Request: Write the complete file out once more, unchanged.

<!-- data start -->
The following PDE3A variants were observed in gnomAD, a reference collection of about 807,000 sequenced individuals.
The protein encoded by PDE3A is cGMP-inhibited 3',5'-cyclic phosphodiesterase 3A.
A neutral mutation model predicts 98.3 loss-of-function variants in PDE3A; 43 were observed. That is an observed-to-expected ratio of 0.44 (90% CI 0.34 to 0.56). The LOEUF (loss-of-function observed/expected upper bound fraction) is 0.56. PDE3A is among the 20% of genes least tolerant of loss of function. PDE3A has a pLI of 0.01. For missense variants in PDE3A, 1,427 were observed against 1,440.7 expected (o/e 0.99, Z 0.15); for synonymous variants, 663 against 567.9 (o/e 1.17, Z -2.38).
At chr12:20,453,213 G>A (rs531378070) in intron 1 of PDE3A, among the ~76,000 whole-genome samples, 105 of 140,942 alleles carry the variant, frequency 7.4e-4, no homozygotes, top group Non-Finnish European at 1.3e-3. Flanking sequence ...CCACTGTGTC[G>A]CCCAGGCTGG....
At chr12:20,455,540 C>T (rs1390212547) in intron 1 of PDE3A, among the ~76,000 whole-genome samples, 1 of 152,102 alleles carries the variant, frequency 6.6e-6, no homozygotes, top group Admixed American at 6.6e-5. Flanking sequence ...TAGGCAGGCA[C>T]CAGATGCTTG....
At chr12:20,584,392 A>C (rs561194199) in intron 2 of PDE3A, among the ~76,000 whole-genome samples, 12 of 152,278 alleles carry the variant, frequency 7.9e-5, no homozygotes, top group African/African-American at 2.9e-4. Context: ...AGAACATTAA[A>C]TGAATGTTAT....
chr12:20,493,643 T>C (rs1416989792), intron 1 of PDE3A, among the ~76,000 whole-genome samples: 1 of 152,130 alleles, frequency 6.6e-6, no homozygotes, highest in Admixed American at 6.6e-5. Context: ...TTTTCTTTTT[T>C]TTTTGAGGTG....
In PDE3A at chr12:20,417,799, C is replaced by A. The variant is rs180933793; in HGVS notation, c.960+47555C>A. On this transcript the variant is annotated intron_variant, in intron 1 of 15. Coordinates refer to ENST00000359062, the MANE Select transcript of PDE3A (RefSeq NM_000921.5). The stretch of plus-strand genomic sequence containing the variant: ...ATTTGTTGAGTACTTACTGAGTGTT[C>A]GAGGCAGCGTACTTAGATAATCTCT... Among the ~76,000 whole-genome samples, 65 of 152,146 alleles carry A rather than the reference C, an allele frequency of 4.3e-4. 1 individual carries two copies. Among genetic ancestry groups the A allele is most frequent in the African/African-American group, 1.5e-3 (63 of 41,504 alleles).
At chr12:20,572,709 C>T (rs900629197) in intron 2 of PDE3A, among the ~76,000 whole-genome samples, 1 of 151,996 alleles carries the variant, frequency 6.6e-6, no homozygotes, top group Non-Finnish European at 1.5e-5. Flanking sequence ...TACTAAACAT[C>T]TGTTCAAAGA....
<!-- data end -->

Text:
The following PDE3A variants were observed in gnomAD, a reference collection of about 807,000 sequenced individuals.
The protein encoded by PDE3A is cGMP-inhibited 3',5'-cyclic phosphodiesterase 3A.
A neutral mutation model predicts 98.3 loss-of-function variants in PDE3A; 43 were observed. That is an observed-to-expected ratio of 0.44 (90% CI 0.34 to 0.56). The LOEUF (loss-of-function observed/expected upper bound fraction) is 0.56. PDE3A is among the 20% of genes least tolerant of loss of function. PDE3A has a pLI of 0.01. For missense variants in PDE3A, 1,427 were observed against 1,440.7 expected (o/e 0.99, Z 0.15); for synonymous variants, 663 against 567.9 (o/e 1.17, Z -2.38).
At chr12:20,453,213 G>A (rs531378070) in intron 1 of PDE3A, among the ~76,000 whole-genome samples, 105 of 140,942 alleles carry the variant, frequency 7.4e-4, no homozygotes, top group Non-Finnish European at 1.3e-3. Flanking sequence ...CCACTGTGTC[G>A]CCCAGGCTGG....
At chr12:20,455,540 C>T (rs1390212547) in intron 1 of PDE3A, among the ~76,000 whole-genome samples, 1 of 152,102 alleles carries the variant, frequency 6.6e-6, no homozygotes, top group Admixed American at 6.6e-5. Flanking sequence ...TAGGCAGGCA[C>T]CAGATGCTTG....
At chr12:20,584,392 A>C (rs561194199) in intron 2 of PDE3A, among the ~76,000 whole-genome samples, 12 of 152,278 alleles carry the variant, frequency 7.9e-5, no homozygotes, top group African/African-American at 2.9e-4. Context: ...AGAACATTAA[A>C]TGAATGTTAT....
chr12:20,493,643 T>C (rs1416989792), intron 1 of PDE3A, among the ~76,000 whole-genome samples: 1 of 152,130 alleles, frequency 6.6e-6, no homozygotes, highest in Admixed American at 6.6e-5. Context: ...TTTTCTTTTT[T>C]TTTTGAGGTG....
In PDE3A at chr12:20,417,799, C is replaced by A. The variant is rs180933793; in HGVS notation, c.960+47555C>A. On this transcript the variant is annotated intron_variant, in intron 1 of 15. Coordinates refer to ENST00000359062, the MANE Select transcript of PDE3A (RefSeq NM_000921.5). The stretch of plus-strand genomic sequence containing the variant: ...ATTTGTTGAGTACTTACTGAGTGTT[C>A]GAGGCAGCGTACTTAGATAATCTCT... Among the ~76,000 whole-genome samples, 65 of 152,146 alleles carry A rather than the reference C, an allele frequency of 4.3e-4. 1 individual carries two copies. Among genetic ancestry groups the A allele is most frequent in the African/African-American group, 1.5e-3 (63 of 41,504 alleles).
At chr12:20,572,709 C>T (rs900629197) in intron 2 of PDE3A, among the ~76,000 whole-genome samples, 1 of 151,996 alleles carries the variant, frequency 6.6e-6, no homozygotes, top group Non-Finnish European at 1.5e-5. Flanking sequence ...TACTAAACAT[C>T]TGTTCAAAGA....